Paulo Sergio Pinheiro, chairman of the U.N. panel investigating human rights abuses in Syria, explains how “everyday decisions- whether to visit a neighbor, to go out and buy bread- have become, potentially, decisions about life and death.”

Maybe it’s time to rethink how the government can best support civilians and the Syrian National Coalition. Train and equip programs like that of 2014 seem to be a process of trial and error, as it takes time to access their efficacy and long-term sustainability.

Life-saving Technologies

Still, there are small steps the Department of Defense can take to save Syrian lives without sending in weapons or personnel. Two life saving technologies, the combat tourniquet and quick-clot, could drastically reduce the number of deaths associated with shootings and mass killings as well as organized fighting between the National Coalition and Assad’s forces.

The combat application tourniquet (CAT) is a 21st take on the conventional tourniquet and one of the most important life saving technologies. Generally speaking, tourniquet use in combat declined after World War II, when widespread misuse led to excessive blood loss and amputation. In most cases, tourniquets were either too tight or too loose, rendering them useless and inefficient.

In the following decades, field medics and soldiers barely used tourniquets in the Vietnam and Korean wars. Unlike its traditional predecessor, the CAT is incredibly easy to use and much more effective. A recent study by the Israeli Defense Forces (IDF) found a 78 percent success rate when compared to alternative methods of stopping a bleeding.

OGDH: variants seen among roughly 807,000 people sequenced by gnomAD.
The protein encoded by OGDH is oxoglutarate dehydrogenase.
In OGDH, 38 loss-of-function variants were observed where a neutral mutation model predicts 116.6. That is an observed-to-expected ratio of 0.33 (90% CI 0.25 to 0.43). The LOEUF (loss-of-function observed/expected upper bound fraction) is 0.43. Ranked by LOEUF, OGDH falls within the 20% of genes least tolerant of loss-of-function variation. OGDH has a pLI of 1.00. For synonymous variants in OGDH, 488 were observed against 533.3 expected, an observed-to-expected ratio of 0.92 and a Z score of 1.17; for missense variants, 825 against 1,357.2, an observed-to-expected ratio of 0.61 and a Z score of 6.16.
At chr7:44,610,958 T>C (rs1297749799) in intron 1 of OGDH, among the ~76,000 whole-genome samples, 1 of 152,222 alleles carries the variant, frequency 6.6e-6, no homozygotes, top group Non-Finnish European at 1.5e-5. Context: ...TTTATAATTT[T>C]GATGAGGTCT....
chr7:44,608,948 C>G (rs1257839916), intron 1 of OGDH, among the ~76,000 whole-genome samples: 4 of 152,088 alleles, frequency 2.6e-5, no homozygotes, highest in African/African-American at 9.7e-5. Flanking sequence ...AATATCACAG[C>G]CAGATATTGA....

The CAT’s out of the bag 

Designed to be used with one hand, the CAT features an adhesive band and friction-adapting buckle to fit anything from an arm to thigh. It also has a free-moving internal band that provides the circumferential pressure necessary for stopping blood flow.

The major difference between the CAT and the traditional tourniquet is that a traditional tourniquet needs to be tied. The CAT’s design makes it possible for a wounded individual to use the device on him or herself, without having to wait for a medic (although it’s still possible for one person to use the CAT on another).

The same study by the IDF claims that the CAT is easy to use and is relatively painless compared to other methods. Its one-handed and foolproof design makes it an ideal technology for war-torn regions where the majority of casualties are related to bullet wounds and blood loss. The U.S. military-issued CAT is priced at about $30.

Clots Begone 

Combat Gauze, colloquially termed “QuikClot” is another one of the life saving technologies at a lower cost (about $8-$40 per packet, depending on the retailer). QuikClot is a hemostatic agent, which means it stops blood loss by helping the blood rapidly clot. Kaolin, the primary clotting agent, works on contact with blood by initiating factor XII, which then transforms into Factor XIIa. XIIa is the molecular cascade responsible for clotting.

The physical gauze conforms to the wound and immediately triggers this process. The 2013 Journal of the American Association of Nurse Anesthetists features a study that found QuikClot effectively stopped hemorrhaging — without complications — 79 percent of the time it was used by the Israeli Defense forces in Gaza.